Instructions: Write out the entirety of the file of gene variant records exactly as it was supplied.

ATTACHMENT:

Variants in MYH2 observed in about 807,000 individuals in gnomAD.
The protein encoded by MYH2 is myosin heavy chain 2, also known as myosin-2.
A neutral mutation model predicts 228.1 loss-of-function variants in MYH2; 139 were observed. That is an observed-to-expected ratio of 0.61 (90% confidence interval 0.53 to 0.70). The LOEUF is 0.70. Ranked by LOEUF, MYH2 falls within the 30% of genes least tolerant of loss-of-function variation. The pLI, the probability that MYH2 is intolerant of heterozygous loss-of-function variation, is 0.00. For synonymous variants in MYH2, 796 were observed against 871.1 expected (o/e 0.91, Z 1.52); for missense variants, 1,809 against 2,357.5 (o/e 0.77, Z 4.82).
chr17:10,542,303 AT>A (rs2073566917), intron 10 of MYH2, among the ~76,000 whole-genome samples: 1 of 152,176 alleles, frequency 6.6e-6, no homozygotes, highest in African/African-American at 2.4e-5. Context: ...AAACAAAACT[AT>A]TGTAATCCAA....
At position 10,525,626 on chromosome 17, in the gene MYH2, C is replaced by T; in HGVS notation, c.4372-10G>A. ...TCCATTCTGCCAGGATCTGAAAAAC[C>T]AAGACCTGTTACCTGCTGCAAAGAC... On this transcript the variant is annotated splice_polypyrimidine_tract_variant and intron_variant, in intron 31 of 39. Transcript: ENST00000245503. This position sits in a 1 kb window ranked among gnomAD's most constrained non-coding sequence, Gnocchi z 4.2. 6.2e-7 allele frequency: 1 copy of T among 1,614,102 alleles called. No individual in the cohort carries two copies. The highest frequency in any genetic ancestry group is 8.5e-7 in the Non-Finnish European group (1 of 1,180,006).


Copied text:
Variants in MYH2 observed in about 807,000 individuals in gnomAD.
The protein encoded by MYH2 is myosin heavy chain 2, also known as myosin-2.
A neutral mutation model predicts 228.1 loss-of-function variants in MYH2; 139 were observed. That is an observed-to-expected ratio of 0.61 (90% confidence interval 0.53 to 0.70). The LOEUF is 0.70. Ranked by LOEUF, MYH2 falls within the 30% of genes least tolerant of loss-of-function variation. The pLI, the probability that MYH2 is intolerant of heterozygous loss-of-function variation, is 0.00. For synonymous variants in MYH2, 796 were observed against 871.1 expected (o/e 0.91, Z 1.52); for missense variants, 1,809 against 2,357.5 (o/e 0.77, Z 4.82).
chr17:10,542,303 AT>A (rs2073566917), intron 10 of MYH2, among the ~76,000 whole-genome samples: 1 of 152,176 alleles, frequency 6.6e-6, no homozygotes, highest in African/African-American at 2.4e-5. Context: ...AAACAAAACT[AT>A]TGTAATCCAA....
At position 10,525,626 on chromosome 17, in the gene MYH2, C is replaced by T; in HGVS notation, c.4372-10G>A. ...TCCATTCTGCCAGGATCTGAAAAAC[C>T]AAGACCTGTTACCTGCTGCAAAGAC... On this transcript the variant is annotated splice_polypyrimidine_tract_variant and intron_variant, in intron 31 of 39. Transcript: ENST00000245503. This position sits in a 1 kb window ranked among gnomAD's most constrained non-coding sequence, Gnocchi z 4.2. 6.2e-7 allele frequency: 1 copy of T among 1,614,102 alleles called. No individual in the cohort carries two copies. The highest frequency in any genetic ancestry group is 8.5e-7 in the Non-Finnish European group (1 of 1,180,006).